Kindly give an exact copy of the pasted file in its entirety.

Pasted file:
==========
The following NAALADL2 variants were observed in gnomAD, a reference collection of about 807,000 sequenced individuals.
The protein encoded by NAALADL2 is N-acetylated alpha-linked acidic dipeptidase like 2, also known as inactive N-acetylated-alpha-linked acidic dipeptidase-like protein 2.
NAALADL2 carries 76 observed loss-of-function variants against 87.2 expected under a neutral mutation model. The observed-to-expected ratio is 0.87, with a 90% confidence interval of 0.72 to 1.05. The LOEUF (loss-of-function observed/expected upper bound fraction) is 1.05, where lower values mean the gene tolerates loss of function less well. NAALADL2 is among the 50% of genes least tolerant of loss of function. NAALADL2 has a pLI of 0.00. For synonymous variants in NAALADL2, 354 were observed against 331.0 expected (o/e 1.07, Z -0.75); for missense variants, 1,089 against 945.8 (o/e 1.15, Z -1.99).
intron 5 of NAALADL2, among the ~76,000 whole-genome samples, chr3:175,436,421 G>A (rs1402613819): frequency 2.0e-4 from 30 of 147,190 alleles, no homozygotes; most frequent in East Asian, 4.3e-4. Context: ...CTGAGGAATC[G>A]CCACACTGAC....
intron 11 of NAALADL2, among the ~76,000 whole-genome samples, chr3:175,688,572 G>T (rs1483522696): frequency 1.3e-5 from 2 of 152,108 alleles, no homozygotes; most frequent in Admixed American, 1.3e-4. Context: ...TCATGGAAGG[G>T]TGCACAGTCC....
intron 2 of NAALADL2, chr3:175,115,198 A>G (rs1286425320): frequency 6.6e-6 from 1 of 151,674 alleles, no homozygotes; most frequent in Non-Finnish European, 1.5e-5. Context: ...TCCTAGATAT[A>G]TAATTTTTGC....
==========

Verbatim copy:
The following NAALADL2 variants were observed in gnomAD, a reference collection of about 807,000 sequenced individuals.
The protein encoded by NAALADL2 is N-acetylated alpha-linked acidic dipeptidase like 2, also known as inactive N-acetylated-alpha-linked acidic dipeptidase-like protein 2.
NAALADL2 carries 76 observed loss-of-function variants against 87.2 expected under a neutral mutation model. The observed-to-expected ratio is 0.87, with a 90% confidence interval of 0.72 to 1.05. The LOEUF (loss-of-function observed/expected upper bound fraction) is 1.05, where lower values mean the gene tolerates loss of function less well. NAALADL2 is among the 50% of genes least tolerant of loss of function. NAALADL2 has a pLI of 0.00. For synonymous variants in NAALADL2, 354 were observed against 331.0 expected (o/e 1.07, Z -0.75); for missense variants, 1,089 against 945.8 (o/e 1.15, Z -1.99).
intron 5 of NAALADL2, among the ~76,000 whole-genome samples, chr3:175,436,421 G>A (rs1402613819): frequency 2.0e-4 from 30 of 147,190 alleles, no homozygotes; most frequent in East Asian, 4.3e-4. Context: ...CTGAGGAATC[G>A]CCACACTGAC....
intron 11 of NAALADL2, among the ~76,000 whole-genome samples, chr3:175,688,572 G>T (rs1483522696): frequency 1.3e-5 from 2 of 152,108 alleles, no homozygotes; most frequent in Admixed American, 1.3e-4. Context: ...TCATGGAAGG[G>T]TGCACAGTCC....
intron 2 of NAALADL2, chr3:175,115,198 A>G (rs1286425320): frequency 6.6e-6 from 1 of 151,674 alleles, no homozygotes; most frequent in Non-Finnish European, 1.5e-5. Context: ...TCCTAGATAT[A>G]TAATTTTTGC....